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DEWSBURY: Geographical and Historical information from the year 1829.

Geographical and Historical information from the year 1829.

"DEWSBURY, a market-town, in the parish of its name, in the wapentakes of Agbrigg and Morley, in the liberty of the manor of Wakefield, and in the west riding, is 184 miles from London, 33 from Manchester, 35 from York, 10 from Halifax, 8 from Leeds and, Huddersfield, and 6 from Wakefield : it is a place of great antiquity, and has been of some note ever since the conversion of the Saxons to Christianity, and it appears from an inscription Non a cross, placed on the top of the church over the east window, that at an early period it was honoured by the preaching of Paulinus, first archbishop of York; and it was formerly considered as the mother church of that part of the country. The endowment deed of the church, dated 1349, mentions the payment of tithes, &c. from Halifax and other towns of that parish, to the incumbent of Dewsbury. A superstitious practice, of considerable antiquity, still exists here, which consists in ringing the large bell. of the church at midnight, on Christmas-eve, end this 'knell is called ' the devil's passing bell. For some years this town has been rising into consequence as a place of trade, and it can now boast many extensive establishments for the manufacturing, blankets, woollen cloths, carpets, &c. It is advantageously situated on the navigable river Calder, and being but a short distance front the coal mines, possesses considerable eligibility for a manufacturing town. The places of worship are, one church, of which the Rev. John Buckworth is the vicar; three chapels belonging to the Methodists, and a friend's meeting house. Here are two excellent free schools, for boys add girls, and one upon the national system. Dewsbury and its vicinage have received many improvements within the last few years, amongst which is the fine spacious road leading to Leeds, cut at a great expense by a number of public spirited inhabitants. The increased population in this parish, of late years, has rendered necessary the erection of other churches; and Dewsbury Moor, Earls Heaton and Hanging Heaton have recently received the acquisition of a church at each place. The country around, though hilly, is very fertile -its aspect generally imposing, and the views pleasing. The market-day is Wednesday; and the fairs are the Wednesday before Old May day the Wednesday before New Michaelmas day, and October 5th. By the census for 1821 the whole parish of Dewsbury contained a population of 16,261, persons, of which number 6,380 belonged to the township."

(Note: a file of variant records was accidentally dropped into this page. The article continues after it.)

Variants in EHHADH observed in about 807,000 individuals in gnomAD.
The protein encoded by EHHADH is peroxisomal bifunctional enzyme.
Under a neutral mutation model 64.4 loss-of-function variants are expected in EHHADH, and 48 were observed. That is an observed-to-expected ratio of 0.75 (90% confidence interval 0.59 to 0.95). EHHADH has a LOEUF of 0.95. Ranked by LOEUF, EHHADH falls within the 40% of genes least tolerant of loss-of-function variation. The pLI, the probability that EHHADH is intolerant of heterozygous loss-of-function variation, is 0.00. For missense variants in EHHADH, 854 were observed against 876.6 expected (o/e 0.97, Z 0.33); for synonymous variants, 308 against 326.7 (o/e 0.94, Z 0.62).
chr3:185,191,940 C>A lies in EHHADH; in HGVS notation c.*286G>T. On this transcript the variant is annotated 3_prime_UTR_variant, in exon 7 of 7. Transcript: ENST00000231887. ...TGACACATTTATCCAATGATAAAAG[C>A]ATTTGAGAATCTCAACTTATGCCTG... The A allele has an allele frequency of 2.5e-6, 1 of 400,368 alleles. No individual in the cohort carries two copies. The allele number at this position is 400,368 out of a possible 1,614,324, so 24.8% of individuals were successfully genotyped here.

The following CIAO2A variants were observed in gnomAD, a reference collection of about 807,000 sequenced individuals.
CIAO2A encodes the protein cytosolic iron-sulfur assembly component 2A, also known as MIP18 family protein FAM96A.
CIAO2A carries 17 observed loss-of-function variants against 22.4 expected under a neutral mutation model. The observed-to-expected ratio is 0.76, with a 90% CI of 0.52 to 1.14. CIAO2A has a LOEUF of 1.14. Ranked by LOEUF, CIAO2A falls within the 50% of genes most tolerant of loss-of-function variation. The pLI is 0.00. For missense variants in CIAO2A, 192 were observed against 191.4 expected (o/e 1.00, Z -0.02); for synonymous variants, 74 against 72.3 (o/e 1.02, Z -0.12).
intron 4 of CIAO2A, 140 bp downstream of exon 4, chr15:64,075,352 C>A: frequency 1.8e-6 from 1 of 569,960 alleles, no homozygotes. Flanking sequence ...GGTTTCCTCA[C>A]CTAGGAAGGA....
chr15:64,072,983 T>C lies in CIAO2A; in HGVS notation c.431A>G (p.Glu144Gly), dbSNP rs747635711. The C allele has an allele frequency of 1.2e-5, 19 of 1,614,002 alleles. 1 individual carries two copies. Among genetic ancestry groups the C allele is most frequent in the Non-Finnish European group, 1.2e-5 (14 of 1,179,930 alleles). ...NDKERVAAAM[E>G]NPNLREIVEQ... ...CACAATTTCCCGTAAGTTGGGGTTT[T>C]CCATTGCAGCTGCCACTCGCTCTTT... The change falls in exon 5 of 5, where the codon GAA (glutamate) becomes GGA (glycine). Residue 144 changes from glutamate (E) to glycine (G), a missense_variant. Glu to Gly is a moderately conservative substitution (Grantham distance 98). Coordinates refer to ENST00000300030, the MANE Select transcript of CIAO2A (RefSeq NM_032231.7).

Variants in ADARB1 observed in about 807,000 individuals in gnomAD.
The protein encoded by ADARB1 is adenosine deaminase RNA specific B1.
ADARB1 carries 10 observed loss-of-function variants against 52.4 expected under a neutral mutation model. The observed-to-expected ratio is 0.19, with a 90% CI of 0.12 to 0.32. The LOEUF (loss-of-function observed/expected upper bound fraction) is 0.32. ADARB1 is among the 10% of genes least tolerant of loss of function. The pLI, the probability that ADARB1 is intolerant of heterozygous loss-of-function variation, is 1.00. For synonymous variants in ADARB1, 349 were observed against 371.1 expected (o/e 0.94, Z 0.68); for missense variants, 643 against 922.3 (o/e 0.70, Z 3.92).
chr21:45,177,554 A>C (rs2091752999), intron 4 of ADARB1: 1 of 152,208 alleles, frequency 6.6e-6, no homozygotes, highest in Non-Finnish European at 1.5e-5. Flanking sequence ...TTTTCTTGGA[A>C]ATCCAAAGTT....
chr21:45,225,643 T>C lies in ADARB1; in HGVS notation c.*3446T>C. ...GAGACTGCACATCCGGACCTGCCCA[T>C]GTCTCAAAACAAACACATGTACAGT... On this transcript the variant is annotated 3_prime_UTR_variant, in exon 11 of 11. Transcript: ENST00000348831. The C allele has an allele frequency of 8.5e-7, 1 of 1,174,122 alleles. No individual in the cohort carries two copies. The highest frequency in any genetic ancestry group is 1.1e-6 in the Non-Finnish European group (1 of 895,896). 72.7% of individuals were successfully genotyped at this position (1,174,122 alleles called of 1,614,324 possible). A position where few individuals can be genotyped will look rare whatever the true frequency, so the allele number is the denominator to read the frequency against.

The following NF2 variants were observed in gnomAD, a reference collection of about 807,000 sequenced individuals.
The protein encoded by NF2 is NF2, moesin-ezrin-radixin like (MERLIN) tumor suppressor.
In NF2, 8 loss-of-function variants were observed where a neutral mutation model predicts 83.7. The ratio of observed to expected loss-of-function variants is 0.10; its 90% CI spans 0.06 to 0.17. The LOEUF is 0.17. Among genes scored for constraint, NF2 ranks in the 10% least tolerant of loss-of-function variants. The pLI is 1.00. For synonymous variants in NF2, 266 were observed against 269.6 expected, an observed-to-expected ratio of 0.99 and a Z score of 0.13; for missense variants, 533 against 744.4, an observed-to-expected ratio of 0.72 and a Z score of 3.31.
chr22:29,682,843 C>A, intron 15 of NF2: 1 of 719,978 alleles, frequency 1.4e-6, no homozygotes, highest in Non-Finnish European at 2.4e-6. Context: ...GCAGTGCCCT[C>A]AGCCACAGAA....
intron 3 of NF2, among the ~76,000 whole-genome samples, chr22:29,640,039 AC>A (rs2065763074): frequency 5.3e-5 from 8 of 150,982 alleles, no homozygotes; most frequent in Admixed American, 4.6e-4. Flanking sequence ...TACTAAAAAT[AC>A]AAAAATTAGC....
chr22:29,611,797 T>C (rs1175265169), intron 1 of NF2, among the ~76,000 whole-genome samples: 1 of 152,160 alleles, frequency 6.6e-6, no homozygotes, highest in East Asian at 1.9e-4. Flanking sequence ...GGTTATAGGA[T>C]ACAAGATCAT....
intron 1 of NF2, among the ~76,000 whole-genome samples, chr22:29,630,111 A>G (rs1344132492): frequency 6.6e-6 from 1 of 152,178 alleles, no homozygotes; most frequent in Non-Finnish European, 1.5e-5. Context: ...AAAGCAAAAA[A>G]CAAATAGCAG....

[Transcribed from Pigot's National Commericial Directory for 1828-29 ]
by Colin Hinson ©2007